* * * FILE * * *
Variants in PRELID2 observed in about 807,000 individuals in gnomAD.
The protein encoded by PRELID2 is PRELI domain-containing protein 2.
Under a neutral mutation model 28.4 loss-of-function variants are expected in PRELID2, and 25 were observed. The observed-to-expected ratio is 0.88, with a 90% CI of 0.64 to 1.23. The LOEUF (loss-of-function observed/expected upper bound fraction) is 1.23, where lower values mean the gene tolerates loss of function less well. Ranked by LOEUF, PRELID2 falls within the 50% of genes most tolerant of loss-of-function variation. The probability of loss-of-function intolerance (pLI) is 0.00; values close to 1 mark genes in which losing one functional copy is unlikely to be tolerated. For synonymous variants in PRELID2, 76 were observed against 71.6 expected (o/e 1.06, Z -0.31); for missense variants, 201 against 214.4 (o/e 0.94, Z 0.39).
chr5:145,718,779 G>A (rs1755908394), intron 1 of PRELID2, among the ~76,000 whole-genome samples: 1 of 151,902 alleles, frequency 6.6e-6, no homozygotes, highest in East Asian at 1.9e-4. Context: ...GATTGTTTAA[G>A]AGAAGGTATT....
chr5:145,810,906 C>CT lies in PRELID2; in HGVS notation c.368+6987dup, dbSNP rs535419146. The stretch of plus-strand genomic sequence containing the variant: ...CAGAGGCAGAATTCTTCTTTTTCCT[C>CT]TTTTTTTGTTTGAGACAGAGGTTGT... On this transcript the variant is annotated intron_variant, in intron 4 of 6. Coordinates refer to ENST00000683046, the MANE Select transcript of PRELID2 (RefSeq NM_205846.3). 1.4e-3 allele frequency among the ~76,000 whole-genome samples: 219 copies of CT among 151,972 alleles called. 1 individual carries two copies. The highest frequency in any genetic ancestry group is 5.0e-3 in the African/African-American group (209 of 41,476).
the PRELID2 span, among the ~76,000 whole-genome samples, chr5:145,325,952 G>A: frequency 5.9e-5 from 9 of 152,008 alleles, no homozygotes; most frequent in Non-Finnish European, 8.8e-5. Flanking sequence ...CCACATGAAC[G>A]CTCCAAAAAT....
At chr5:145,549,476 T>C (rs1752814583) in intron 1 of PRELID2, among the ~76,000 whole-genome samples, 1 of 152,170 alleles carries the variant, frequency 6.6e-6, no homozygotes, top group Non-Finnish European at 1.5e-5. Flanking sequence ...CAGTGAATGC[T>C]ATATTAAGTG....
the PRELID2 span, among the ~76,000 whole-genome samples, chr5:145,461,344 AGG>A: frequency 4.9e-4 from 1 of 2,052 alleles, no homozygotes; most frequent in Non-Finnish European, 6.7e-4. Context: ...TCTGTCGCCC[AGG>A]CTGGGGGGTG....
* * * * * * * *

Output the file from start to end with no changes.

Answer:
Variants in PRELID2 observed in about 807,000 individuals in gnomAD.
The protein encoded by PRELID2 is PRELI domain-containing protein 2.
Under a neutral mutation model 28.4 loss-of-function variants are expected in PRELID2, and 25 were observed. The observed-to-expected ratio is 0.88, with a 90% CI of 0.64 to 1.23. The LOEUF (loss-of-function observed/expected upper bound fraction) is 1.23, where lower values mean the gene tolerates loss of function less well. Ranked by LOEUF, PRELID2 falls within the 50% of genes most tolerant of loss-of-function variation. The probability of loss-of-function intolerance (pLI) is 0.00; values close to 1 mark genes in which losing one functional copy is unlikely to be tolerated. For synonymous variants in PRELID2, 76 were observed against 71.6 expected (o/e 1.06, Z -0.31); for missense variants, 201 against 214.4 (o/e 0.94, Z 0.39).
chr5:145,718,779 G>A (rs1755908394), intron 1 of PRELID2, among the ~76,000 whole-genome samples: 1 of 151,902 alleles, frequency 6.6e-6, no homozygotes, highest in East Asian at 1.9e-4. Context: ...GATTGTTTAA[G>A]AGAAGGTATT....
chr5:145,810,906 C>CT lies in PRELID2; in HGVS notation c.368+6987dup, dbSNP rs535419146. The stretch of plus-strand genomic sequence containing the variant: ...CAGAGGCAGAATTCTTCTTTTTCCT[C>CT]TTTTTTTGTTTGAGACAGAGGTTGT... On this transcript the variant is annotated intron_variant, in intron 4 of 6. Coordinates refer to ENST00000683046, the MANE Select transcript of PRELID2 (RefSeq NM_205846.3). 1.4e-3 allele frequency among the ~76,000 whole-genome samples: 219 copies of CT among 151,972 alleles called. 1 individual carries two copies. The highest frequency in any genetic ancestry group is 5.0e-3 in the African/African-American group (209 of 41,476).
the PRELID2 span, among the ~76,000 whole-genome samples, chr5:145,325,952 G>A: frequency 5.9e-5 from 9 of 152,008 alleles, no homozygotes; most frequent in Non-Finnish European, 8.8e-5. Flanking sequence ...CCACATGAAC[G>A]CTCCAAAAAT....
At chr5:145,549,476 T>C (rs1752814583) in intron 1 of PRELID2, among the ~76,000 whole-genome samples, 1 of 152,170 alleles carries the variant, frequency 6.6e-6, no homozygotes, top group Non-Finnish European at 1.5e-5. Flanking sequence ...CAGTGAATGC[T>C]ATATTAAGTG....
the PRELID2 span, among the ~76,000 whole-genome samples, chr5:145,461,344 AGG>A: frequency 4.9e-4 from 1 of 2,052 alleles, no homozygotes; most frequent in Non-Finnish European, 6.7e-4. Context: ...TCTGTCGCCC[AGG>A]CTGGGGGGTG....